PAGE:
Line the Martellato Square Loaf Cake Mold with oil, the inner chimney included, then fill that mold 75% the way with batter, tapping it down to release any air bubbles. Do not use the lid on this pan, or the cake will explode! Pour the remaining batter onto a lined sheet tray. Bake the square loaf cake at 350 degrees F for 35 minutes. For the sheet tray, bake at 350 degrees F for 20 minutes.

With the square cake, allow it to cool at room temperature for 10 minutes before sawing off the excess from the top of the cake with a serrated knife. Then let the cake cool down, upside down, and in still in the mold, for another 20 minutes before removing the chimney insert and cutting the cake into 5 cubes.

With the sheet tray, cut out 2 rounds using an 8-inch ring mold, and bring together the scraps to form a third layer, that will be the base of the cake. With the excess scraps, press those into the holes of the cubes, to create a base or a plug so that the filling in the cakes don’t run out.

For the malted milk soak:
3/4 cups milk
2 tbsp malted milk powder
a pinch of salt

Mix everything together until combined. Keep refrigerated for initial assembly.

In a pot, melt everything together over low heat until combined. Pour onto a shallow sheet tray and freeze for 20 minutes. Transfer to the firmed up ganache to a stand mixer and whip until softened, as well as light and airy in consistency.

For the white chocolate mousseline:
1/2 cup white chocolate chips
1/3 cup milk
1 tsp gelatin powder + 2 tbsp cold water
1 tsp blue spirulina powder
1/4 cup heavy cream

Over a double boiler, melt the white chocolate down. In a pot, heat up the milk, gelatin, and blue spirulina until melted together. Pour the liquid into the white chocolate and stir until combined. Take the mixture off heat and whisk in the heavy cream to finish. Transfer to a piping bag for initial assembly.

For initial assembly:
Crunchy chocolate pearls

With the cube cakes, brush the sides with soak, and pipe the mousseline into the middle of each. You should still have a considerable amount of spare mousseline for the layer cake. Freeze the cube cakes first, as freezing them solid will result in much easier assembly for later.

In a lined 8-inch ring mold, start by laying down the scrap layers of the cake and pouring on 1/3 of the soak. Pipe a border of the ganache buttercream. Spread in the middle half of the remaining mousseline, and sprinkle on crunchy chocolate pearls as well. Repeat those steps with your next round of cake. For the last layer, place down the last round of cake, and pour on the soak. Spread on an even layer of the buttercream, and then freeze the cake solid, at least 2 hours, before attempting to unmold the cake.

Using the buttercream, spread thin, but even coatings of it around the cube cakes, and then return those to the freezer. Spread the remaining ganache buttercream onto the still-frozen layer cake. Return everything to the freezer until it is time to finish assembly.

For the homemade dark modeling chocolate:
1 cup dark chocolate chips
4oz corn syrup
a pinch of salt

Over a double boiler, melt everything together until just combined. Pour onto a nonstick surface, and transfer to the refrigerator to firm up the dough.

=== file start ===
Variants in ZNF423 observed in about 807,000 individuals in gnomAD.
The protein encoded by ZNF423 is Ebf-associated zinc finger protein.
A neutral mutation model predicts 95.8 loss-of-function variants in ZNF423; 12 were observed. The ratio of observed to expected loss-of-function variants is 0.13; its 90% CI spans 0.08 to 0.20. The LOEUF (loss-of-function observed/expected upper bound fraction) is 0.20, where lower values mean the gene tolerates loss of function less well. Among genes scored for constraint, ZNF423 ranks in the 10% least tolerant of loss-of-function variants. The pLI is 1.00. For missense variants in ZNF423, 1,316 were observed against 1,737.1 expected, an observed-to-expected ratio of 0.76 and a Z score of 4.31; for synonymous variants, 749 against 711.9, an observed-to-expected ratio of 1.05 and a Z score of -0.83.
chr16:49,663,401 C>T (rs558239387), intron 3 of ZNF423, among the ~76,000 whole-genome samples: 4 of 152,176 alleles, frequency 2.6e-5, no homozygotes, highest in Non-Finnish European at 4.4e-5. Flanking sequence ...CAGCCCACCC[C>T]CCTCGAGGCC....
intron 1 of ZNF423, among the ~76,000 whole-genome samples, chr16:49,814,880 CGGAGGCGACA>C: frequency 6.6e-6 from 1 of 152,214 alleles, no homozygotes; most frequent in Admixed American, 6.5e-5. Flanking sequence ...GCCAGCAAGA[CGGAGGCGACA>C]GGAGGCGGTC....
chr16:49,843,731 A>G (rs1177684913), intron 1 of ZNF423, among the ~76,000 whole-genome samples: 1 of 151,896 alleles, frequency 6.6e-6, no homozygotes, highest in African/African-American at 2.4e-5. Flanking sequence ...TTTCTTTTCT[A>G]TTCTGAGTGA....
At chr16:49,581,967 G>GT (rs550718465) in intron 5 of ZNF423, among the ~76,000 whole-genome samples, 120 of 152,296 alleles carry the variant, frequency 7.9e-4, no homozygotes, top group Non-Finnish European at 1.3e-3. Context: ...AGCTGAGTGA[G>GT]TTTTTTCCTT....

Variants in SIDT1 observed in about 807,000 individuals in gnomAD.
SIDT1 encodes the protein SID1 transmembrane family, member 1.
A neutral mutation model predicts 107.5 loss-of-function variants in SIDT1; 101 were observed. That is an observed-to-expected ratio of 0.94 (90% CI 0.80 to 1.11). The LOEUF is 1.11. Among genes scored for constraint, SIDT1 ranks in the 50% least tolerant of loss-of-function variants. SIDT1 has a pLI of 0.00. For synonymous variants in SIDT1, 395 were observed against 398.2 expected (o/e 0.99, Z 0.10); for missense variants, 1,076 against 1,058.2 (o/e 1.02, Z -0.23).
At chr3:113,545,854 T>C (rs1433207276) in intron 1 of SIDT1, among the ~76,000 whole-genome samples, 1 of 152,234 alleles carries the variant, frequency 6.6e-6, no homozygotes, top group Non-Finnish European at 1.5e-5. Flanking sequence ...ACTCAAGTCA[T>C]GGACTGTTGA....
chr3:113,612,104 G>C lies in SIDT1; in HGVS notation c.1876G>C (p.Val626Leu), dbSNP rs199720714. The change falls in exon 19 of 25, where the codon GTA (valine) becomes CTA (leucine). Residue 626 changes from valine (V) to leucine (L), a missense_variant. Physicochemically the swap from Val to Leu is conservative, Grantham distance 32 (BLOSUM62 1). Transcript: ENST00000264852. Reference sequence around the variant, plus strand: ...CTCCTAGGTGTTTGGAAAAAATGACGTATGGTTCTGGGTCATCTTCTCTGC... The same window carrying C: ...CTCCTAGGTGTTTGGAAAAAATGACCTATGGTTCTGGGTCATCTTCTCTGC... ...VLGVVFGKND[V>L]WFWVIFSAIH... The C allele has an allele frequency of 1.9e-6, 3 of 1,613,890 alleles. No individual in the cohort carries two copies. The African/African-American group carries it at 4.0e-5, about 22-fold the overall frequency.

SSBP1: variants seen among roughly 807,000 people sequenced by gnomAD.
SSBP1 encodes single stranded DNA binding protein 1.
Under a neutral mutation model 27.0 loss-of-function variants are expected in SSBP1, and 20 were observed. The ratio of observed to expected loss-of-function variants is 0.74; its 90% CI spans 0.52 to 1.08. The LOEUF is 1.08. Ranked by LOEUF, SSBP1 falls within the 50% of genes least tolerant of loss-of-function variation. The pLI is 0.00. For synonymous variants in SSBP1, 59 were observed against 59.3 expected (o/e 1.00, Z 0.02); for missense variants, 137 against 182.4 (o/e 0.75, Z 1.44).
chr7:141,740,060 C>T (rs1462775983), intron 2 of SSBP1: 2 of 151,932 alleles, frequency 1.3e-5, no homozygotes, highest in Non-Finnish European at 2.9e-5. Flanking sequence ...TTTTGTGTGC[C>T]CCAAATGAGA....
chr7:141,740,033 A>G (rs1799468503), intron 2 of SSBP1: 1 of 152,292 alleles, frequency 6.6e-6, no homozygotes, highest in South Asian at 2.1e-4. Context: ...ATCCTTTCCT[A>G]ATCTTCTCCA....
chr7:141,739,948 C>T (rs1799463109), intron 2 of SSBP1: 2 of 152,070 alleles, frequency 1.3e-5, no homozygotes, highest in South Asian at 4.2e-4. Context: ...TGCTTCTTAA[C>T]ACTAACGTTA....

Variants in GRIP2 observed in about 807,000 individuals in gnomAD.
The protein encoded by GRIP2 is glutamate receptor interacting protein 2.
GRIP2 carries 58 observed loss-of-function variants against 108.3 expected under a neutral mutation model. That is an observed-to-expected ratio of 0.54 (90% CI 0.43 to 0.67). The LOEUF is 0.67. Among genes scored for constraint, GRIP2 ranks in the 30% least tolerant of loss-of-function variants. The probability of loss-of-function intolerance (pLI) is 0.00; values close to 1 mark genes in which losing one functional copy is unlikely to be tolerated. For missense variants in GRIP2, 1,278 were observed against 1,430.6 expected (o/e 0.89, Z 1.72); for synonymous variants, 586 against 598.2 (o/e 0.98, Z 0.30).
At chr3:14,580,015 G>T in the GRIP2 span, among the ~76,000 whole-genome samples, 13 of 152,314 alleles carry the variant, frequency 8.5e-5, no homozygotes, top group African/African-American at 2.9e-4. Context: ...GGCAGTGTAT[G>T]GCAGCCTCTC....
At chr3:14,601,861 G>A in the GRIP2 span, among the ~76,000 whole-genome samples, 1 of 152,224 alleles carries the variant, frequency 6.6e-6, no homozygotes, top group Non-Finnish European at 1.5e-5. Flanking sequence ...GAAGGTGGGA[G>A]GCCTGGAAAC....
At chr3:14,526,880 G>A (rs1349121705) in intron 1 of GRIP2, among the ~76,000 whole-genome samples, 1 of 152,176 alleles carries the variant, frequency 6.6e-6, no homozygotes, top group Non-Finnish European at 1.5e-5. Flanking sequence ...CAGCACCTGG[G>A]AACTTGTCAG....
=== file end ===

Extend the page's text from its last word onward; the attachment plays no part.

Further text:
For the homemade white modeling chocolate:
1 cup white chocolate chips
2oz corn syrup
a pinch of salt

Over a double boiler, melt everything together until just combined. Pour onto a nonstick surface, and transfer to the refrigerator to firm up the dough.

For the present boxes:
White modeling chocolate
1/4 tsp activated charcoal powder
1/4 tsp cocoa powder

Divide the white modeling chocolate into three pieces. Dye one piece with half of the activated charcoal. Dye one piece with half of the cocoa powder. And dye the rest using both. Reserve a small amount of the cocoa powder-only white modeling chocolate for the bear. With the rest, on a cornstarch dusted surface, roll out the modeling chocolate into 1mm-thick sheets, and enrobe the still-frozen cube cakes with them, trimming and reserving the excess. Using the excess trimmed chocolate, re-roll and cut them into strips to layer over your boxes to form ribbons. Allow your cakes to freeze just to keep the modeling chocolate firm for assembly.

For the bear:
Dark modeling chocolate
Activated charcoal powder
Reserved cocoa-dyed white modeling chocolate
Cocoa powder

With the reserved white modeling chocolate, roll this out and cut out three 1/4-inch disks from it. With a small bit of the scraps, dye that black with the charcoal powder and roll out two eyes and a snout. Roll out the dark modeling chocolate and cut out one 1/2-inch disk. Press one of the two 1/4-inch disks into the 1/2-inch disk, and cut that in half to form your ears. With the remainder of the dark modeling chocolate, roll it into the bear, first forming the head, adding on the second 1/4-inch disk to form the snout, and press in the eyes and nose. Using a knife, carve in the mouth of the bear, and then add on the ears. Separately, using just the dark modeling chocolate, form the torso, then attach on the arms, and the legs. Using the last 1/4-inch disk, cut that in half, and press it into the feet of the bear to complete its paws. Refrigerate the bear so that it stays cold and moldable.

For garnish:
Residual buttercream
Rice paper butterflies

Unmold and frost the 8-inch cake using the residual ganache buttercream. With any spare, transfer to a piping bag and pipe buttercream borders around the cake. Garnish the top using the covered cube cakes, using buttercream to glue them together. Then place down your bear. Garnish the cake with the rice paper butterflies to finish.